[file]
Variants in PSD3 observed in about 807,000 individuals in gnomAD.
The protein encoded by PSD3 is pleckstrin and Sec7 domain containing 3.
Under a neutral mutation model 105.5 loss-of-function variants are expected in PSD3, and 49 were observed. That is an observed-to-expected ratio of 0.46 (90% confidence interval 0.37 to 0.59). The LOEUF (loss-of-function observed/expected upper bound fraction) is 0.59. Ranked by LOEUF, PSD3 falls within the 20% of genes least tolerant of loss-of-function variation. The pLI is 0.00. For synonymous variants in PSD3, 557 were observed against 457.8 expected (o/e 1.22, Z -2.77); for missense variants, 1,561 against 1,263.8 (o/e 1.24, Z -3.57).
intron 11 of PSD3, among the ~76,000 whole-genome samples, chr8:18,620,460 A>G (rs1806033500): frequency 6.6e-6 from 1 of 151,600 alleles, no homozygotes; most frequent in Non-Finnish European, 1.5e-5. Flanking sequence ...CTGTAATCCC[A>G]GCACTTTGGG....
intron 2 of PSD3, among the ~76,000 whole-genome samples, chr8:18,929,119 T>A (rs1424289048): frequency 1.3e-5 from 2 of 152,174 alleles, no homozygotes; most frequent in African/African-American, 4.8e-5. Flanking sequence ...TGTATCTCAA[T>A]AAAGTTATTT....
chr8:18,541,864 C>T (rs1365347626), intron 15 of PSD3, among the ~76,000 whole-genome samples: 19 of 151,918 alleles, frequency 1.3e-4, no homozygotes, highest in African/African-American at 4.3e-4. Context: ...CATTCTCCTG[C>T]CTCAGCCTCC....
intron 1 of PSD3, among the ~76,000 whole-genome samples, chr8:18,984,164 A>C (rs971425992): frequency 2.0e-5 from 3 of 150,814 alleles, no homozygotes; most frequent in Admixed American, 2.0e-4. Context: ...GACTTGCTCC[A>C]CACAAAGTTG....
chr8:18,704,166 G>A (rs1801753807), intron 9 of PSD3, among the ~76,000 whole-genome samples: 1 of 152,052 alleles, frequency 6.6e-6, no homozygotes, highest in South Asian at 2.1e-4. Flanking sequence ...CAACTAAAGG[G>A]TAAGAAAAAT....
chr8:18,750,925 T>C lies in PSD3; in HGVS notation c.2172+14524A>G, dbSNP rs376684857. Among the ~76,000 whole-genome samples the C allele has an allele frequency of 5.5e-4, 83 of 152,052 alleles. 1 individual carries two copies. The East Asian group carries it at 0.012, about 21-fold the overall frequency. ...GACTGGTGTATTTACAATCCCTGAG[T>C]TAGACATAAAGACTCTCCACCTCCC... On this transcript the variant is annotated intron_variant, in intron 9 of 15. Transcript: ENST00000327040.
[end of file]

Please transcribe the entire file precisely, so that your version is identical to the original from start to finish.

Variants in PSD3 observed in about 807,000 individuals in gnomAD.
The protein encoded by PSD3 is pleckstrin and Sec7 domain containing 3.
Under a neutral mutation model 105.5 loss-of-function variants are expected in PSD3, and 49 were observed. That is an observed-to-expected ratio of 0.46 (90% confidence interval 0.37 to 0.59). The LOEUF (loss-of-function observed/expected upper bound fraction) is 0.59. Ranked by LOEUF, PSD3 falls within the 20% of genes least tolerant of loss-of-function variation. The pLI is 0.00. For synonymous variants in PSD3, 557 were observed against 457.8 expected (o/e 1.22, Z -2.77); for missense variants, 1,561 against 1,263.8 (o/e 1.24, Z -3.57).
intron 11 of PSD3, among the ~76,000 whole-genome samples, chr8:18,620,460 A>G (rs1806033500): frequency 6.6e-6 from 1 of 151,600 alleles, no homozygotes; most frequent in Non-Finnish European, 1.5e-5. Flanking sequence ...CTGTAATCCC[A>G]GCACTTTGGG....
intron 2 of PSD3, among the ~76,000 whole-genome samples, chr8:18,929,119 T>A (rs1424289048): frequency 1.3e-5 from 2 of 152,174 alleles, no homozygotes; most frequent in African/African-American, 4.8e-5. Flanking sequence ...TGTATCTCAA[T>A]AAAGTTATTT....
chr8:18,541,864 C>T (rs1365347626), intron 15 of PSD3, among the ~76,000 whole-genome samples: 19 of 151,918 alleles, frequency 1.3e-4, no homozygotes, highest in African/African-American at 4.3e-4. Context: ...CATTCTCCTG[C>T]CTCAGCCTCC....
intron 1 of PSD3, among the ~76,000 whole-genome samples, chr8:18,984,164 A>C (rs971425992): frequency 2.0e-5 from 3 of 150,814 alleles, no homozygotes; most frequent in Admixed American, 2.0e-4. Context: ...GACTTGCTCC[A>C]CACAAAGTTG....
chr8:18,704,166 G>A (rs1801753807), intron 9 of PSD3, among the ~76,000 whole-genome samples: 1 of 152,052 alleles, frequency 6.6e-6, no homozygotes, highest in South Asian at 2.1e-4. Flanking sequence ...CAACTAAAGG[G>A]TAAGAAAAAT....
chr8:18,750,925 T>C lies in PSD3; in HGVS notation c.2172+14524A>G, dbSNP rs376684857. Among the ~76,000 whole-genome samples the C allele has an allele frequency of 5.5e-4, 83 of 152,052 alleles. 1 individual carries two copies. The East Asian group carries it at 0.012, about 21-fold the overall frequency. ...GACTGGTGTATTTACAATCCCTGAG[T>C]TAGACATAAAGACTCTCCACCTCCC... On this transcript the variant is annotated intron_variant, in intron 9 of 15. Transcript: ENST00000327040.